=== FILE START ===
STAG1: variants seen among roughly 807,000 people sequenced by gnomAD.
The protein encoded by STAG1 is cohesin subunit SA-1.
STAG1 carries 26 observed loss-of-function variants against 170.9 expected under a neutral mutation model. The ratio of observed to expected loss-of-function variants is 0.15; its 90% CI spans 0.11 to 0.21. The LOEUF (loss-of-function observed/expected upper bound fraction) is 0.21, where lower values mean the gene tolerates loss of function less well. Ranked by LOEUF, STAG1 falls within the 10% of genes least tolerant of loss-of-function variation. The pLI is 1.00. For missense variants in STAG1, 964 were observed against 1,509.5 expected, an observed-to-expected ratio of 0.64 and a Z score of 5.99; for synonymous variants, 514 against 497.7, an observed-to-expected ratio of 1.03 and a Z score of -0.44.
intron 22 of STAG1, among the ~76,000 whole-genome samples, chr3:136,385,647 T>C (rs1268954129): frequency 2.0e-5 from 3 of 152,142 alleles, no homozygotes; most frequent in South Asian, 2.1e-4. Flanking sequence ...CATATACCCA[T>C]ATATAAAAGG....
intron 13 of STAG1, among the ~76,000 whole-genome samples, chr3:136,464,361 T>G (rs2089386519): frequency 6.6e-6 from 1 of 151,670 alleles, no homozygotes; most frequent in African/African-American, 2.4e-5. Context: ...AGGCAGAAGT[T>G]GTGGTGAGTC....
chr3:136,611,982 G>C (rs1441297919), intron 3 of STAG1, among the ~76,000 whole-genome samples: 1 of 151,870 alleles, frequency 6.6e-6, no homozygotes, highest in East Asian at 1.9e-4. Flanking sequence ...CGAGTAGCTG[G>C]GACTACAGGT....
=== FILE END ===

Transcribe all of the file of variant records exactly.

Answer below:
STAG1: variants seen among roughly 807,000 people sequenced by gnomAD.
The protein encoded by STAG1 is cohesin subunit SA-1.
STAG1 carries 26 observed loss-of-function variants against 170.9 expected under a neutral mutation model. The ratio of observed to expected loss-of-function variants is 0.15; its 90% CI spans 0.11 to 0.21. The LOEUF (loss-of-function observed/expected upper bound fraction) is 0.21, where lower values mean the gene tolerates loss of function less well. Ranked by LOEUF, STAG1 falls within the 10% of genes least tolerant of loss-of-function variation. The pLI is 1.00. For missense variants in STAG1, 964 were observed against 1,509.5 expected, an observed-to-expected ratio of 0.64 and a Z score of 5.99; for synonymous variants, 514 against 497.7, an observed-to-expected ratio of 1.03 and a Z score of -0.44.
intron 22 of STAG1, among the ~76,000 whole-genome samples, chr3:136,385,647 T>C (rs1268954129): frequency 2.0e-5 from 3 of 152,142 alleles, no homozygotes; most frequent in South Asian, 2.1e-4. Flanking sequence ...CATATACCCA[T>C]ATATAAAAGG....
intron 13 of STAG1, among the ~76,000 whole-genome samples, chr3:136,464,361 T>G (rs2089386519): frequency 6.6e-6 from 1 of 151,670 alleles, no homozygotes; most frequent in African/African-American, 2.4e-5. Context: ...AGGCAGAAGT[T>G]GTGGTGAGTC....
chr3:136,611,982 G>C (rs1441297919), intron 3 of STAG1, among the ~76,000 whole-genome samples: 1 of 151,870 alleles, frequency 6.6e-6, no homozygotes, highest in East Asian at 1.9e-4. Flanking sequence ...CGAGTAGCTG[G>C]GACTACAGGT....